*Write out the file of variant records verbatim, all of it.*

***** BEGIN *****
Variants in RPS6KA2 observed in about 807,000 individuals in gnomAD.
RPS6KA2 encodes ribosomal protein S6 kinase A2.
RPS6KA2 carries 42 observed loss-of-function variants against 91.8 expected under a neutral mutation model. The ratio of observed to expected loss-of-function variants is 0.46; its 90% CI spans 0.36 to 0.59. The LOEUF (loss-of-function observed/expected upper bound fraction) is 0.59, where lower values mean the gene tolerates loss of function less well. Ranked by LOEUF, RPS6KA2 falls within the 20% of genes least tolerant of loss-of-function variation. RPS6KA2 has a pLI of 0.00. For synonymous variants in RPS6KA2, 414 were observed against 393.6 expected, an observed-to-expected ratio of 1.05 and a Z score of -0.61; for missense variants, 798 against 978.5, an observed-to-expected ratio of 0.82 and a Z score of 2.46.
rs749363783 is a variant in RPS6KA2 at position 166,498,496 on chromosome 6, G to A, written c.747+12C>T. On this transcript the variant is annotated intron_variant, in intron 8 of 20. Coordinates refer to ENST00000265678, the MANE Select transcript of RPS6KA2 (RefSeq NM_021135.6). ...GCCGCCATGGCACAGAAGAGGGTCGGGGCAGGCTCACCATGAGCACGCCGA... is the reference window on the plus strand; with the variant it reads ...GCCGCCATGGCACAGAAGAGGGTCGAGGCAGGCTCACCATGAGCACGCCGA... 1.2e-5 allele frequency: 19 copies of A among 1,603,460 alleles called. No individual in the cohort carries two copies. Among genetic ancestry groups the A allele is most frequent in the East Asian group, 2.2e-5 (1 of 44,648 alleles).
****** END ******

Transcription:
Variants in RPS6KA2 observed in about 807,000 individuals in gnomAD.
RPS6KA2 encodes ribosomal protein S6 kinase A2.
RPS6KA2 carries 42 observed loss-of-function variants against 91.8 expected under a neutral mutation model. The ratio of observed to expected loss-of-function variants is 0.46; its 90% CI spans 0.36 to 0.59. The LOEUF (loss-of-function observed/expected upper bound fraction) is 0.59, where lower values mean the gene tolerates loss of function less well. Ranked by LOEUF, RPS6KA2 falls within the 20% of genes least tolerant of loss-of-function variation. RPS6KA2 has a pLI of 0.00. For synonymous variants in RPS6KA2, 414 were observed against 393.6 expected, an observed-to-expected ratio of 1.05 and a Z score of -0.61; for missense variants, 798 against 978.5, an observed-to-expected ratio of 0.82 and a Z score of 2.46.
rs749363783 is a variant in RPS6KA2 at position 166,498,496 on chromosome 6, G to A, written c.747+12C>T. On this transcript the variant is annotated intron_variant, in intron 8 of 20. Coordinates refer to ENST00000265678, the MANE Select transcript of RPS6KA2 (RefSeq NM_021135.6). ...GCCGCCATGGCACAGAAGAGGGTCGGGGCAGGCTCACCATGAGCACGCCGA... is the reference window on the plus strand; with the variant it reads ...GCCGCCATGGCACAGAAGAGGGTCGAGGCAGGCTCACCATGAGCACGCCGA... 1.2e-5 allele frequency: 19 copies of A among 1,603,460 alleles called. No individual in the cohort carries two copies. Among genetic ancestry groups the A allele is most frequent in the East Asian group, 2.2e-5 (1 of 44,648 alleles).